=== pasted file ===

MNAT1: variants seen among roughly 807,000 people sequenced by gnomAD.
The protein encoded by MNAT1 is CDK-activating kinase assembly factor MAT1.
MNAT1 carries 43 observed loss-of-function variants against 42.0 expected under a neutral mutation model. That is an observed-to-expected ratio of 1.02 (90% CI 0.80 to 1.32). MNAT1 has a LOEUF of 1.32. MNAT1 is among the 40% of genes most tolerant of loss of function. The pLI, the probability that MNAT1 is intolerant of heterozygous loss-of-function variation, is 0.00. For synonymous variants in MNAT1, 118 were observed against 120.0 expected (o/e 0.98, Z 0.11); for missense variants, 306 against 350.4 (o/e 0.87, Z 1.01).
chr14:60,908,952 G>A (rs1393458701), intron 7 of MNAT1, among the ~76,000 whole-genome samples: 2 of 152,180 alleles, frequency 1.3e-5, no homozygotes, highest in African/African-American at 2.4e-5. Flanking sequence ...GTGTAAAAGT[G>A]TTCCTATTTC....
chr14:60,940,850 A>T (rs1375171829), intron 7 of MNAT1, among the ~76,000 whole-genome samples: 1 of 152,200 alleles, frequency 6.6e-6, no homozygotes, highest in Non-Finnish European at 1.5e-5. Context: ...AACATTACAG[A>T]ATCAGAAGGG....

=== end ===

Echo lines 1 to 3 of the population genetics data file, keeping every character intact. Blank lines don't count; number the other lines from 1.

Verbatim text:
MNAT1: variants seen among roughly 807,000 people sequenced by gnomAD.
The protein encoded by MNAT1 is CDK-activating kinase assembly factor MAT1.
MNAT1 carries 43 observed loss-of-function variants against 42.0 expected under a neutral mutation model. That is an observed-to-expected ratio of 1.02 (90% CI 0.80 to 1.32). MNAT1 has a LOEUF of 1.32. MNAT1 is among the 40% of genes most tolerant of loss of function. The pLI, the probability that MNAT1 is intolerant of heterozygous loss-of-function variation, is 0.00. For synonymous variants in MNAT1, 118 were observed against 120.0 expected (o/e 0.98, Z 0.11); for missense variants, 306 against 350.4 (o/e 0.87, Z 1.01).